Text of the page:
Mother’s Cake


The earliest Mother’s Day celebration is often traced back to the spring day celebrations in ancient Greece to honor Rhea, the mythical mother of the gods. However in the 1600s, England celebrated a day called "Mothering Sunday" on the fourth Sunday of Lent. At that time, many of England’s poor worked as servants for the wealthy. Since most jobs were far from their homes, the servants live in the homes of their employers.

On Mothering Sunday, servants were given the day off and many went to spend the day with who else but mom.  Many would bring along a special cake called the Mothering Cake.

As Christianity spread throughout Europe and the rest of the world, the celebration changed to honor the "Mother Church," the spiritual power that gave them life and protected them from harm. Over time, the church festival blended with Mothering Sunday celebration. People began honoring their mothers and the church.

This cake is a simple flourless chocolate cake and was a long-time favorite of the now departed Queen Mum.

Image: Louis Toffoli

Mother’s cake

Yields One 9" Cake

½ c almonds; skinned
6 oz chopped semi-sweet Chocolate
¾ c granulated sugar
6 oz unsalted butter
6 large eggs– yolks and whites separated
1 tsp

fresh lemon juice 

½ c heavy cream
2 ts instant espresso powder
8 oz chopped semi-sweet chocolate


Toast almonds in a single layer on a cookie sheet in a 350F degree oven for about 15-minutes or until the almonds are lightly colored and fragrant. Make sure to shake the pan occasionally to turn almonds while toasting.

Pre-heat oven to 375F degrees. Spray the bottom of a 9-inch spring form pan with a non-stick cooking spray. Dust lightly with flour or very fine, dry bread crumbs. Shake out any excess and set prepared pan aside.

Warm chopped chocolate in the top of a small double boiler over warm water set at moderate heat. Cover until partially melted, then stir until smooth. Set aside to cool to room temperature.

Reserve 1/2 cup sugar and place the remaining 1/4 cup sugar with the almonds in a food processor or blender and chop until nuts are fine and powdery. Set aside.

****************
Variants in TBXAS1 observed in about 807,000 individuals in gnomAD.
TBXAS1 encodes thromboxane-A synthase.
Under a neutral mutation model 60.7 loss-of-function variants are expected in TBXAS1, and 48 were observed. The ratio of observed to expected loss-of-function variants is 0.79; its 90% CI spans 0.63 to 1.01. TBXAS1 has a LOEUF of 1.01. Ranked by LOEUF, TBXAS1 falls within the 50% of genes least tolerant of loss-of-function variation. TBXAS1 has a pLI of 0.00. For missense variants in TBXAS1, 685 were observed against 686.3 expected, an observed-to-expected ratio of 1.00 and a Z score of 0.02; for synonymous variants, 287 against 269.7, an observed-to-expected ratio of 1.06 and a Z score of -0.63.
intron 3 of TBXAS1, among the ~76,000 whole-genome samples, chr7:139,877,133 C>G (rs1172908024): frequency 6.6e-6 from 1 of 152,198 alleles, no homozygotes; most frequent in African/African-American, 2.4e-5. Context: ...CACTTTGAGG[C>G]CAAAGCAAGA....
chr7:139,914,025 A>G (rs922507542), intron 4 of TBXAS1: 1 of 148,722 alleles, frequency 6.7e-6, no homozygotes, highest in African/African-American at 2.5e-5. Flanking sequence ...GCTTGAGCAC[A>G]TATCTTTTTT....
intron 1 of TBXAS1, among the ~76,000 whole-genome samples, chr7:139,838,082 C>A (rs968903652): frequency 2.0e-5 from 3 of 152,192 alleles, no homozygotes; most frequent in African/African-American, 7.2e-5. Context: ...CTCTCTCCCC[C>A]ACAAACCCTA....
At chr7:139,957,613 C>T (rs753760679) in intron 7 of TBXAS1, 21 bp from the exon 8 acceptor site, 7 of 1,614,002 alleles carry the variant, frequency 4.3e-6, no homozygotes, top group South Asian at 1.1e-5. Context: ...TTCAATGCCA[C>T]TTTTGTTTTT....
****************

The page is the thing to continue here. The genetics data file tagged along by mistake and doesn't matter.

In a large mixing bowl beat the butter until soft. Add 1/4 cup of sugar and reserve the remaining 1/4 cup sugar for use later. Beat sugar and butter until thoroughly combined. Add the egg yolks, one at a time, and continue to beat until smooth. Add the melted chocolate and blend on low speed until combined. Add almonds and continue to beat mixture on a low speed setting.

In a clean bowl with clean beaters, beat the egg whites with salt and lemon juice. Start on low speed and gradually increase until the egg whites hold a soft shape. Reduce speed again and add remaining 1/4 cup sugar. Then on high speed, beat egg whites to soft peaks. Gently fold the egg whites into the chocolate mixture about one-third at a time until blended.

Pour the cake batter into the prepared springform pan an quickly rotate to level the batter. Bake for 20 minutes at 375F degrees, then reduce heat to 350F degrees and continue to bake an additional 50 minutes. Remove cake from pan when cooled, after about 1 hour.


Prepare the icing by scalding the heavy cream in a saucepan over medium heat until a thin skin forms on the top. Add the espresso or coffee powder and whisk to dissolve. Add the chocolate and whisk to dissolve, for about a minute or two. Remove from heat and continue to stir to finish melting the chocolate. Let icing cool for about 15-minutes, then pour over the top of the cake, starting at the center. Gently push the icing with a spatula over the sides to dribble down the cake.

Top with shaved chocolate, or whipped cream just prior to serving. Strawberries on the side make a nice spring touch.

Sticky Gold #2


Although there are about 150 species in the maple tree family throughout the world it is only in North America, specifically in the northeastern United States and southeastern Canada, that all the right elements of climate and geography come together to provide enough sap to support a syrup industry. Maple syrup is produced from sap from black and sugar maple trees. These trees are the most preferred due to their high sugar content and can be found in sugar bushes or maple-syrup producing farms. A sugar bush is a forested area that contains mostly maple trees.

Trees can be tapped after 50 years of age by boring holes in the trunks. This “opening” of the tree to gather the colorless, almost tasteless “sugar water” occurs in the late winter/early spring. Each mature tree may have as many as four taps. Each opening yields about 10 gallons of sap a year.

Buckets fill slowly, drop by drop, with a sweetish, watery liquid that is boiled down to make the flavored syrup. The tree sap is boiled in a sugar shack or cabane a sucre. During this heating process the clear sap begins in a watery form that contains about two per cent of sugar, it eventually transforms into a high concentration of sugar suspended in water.  This explains why it takes about 40 gallons of maple sap to make one gallon of pure maple syrup. It will take anywhere from 6-8 hours until the sugar content is more than 67 per cent it is officially maple syrup.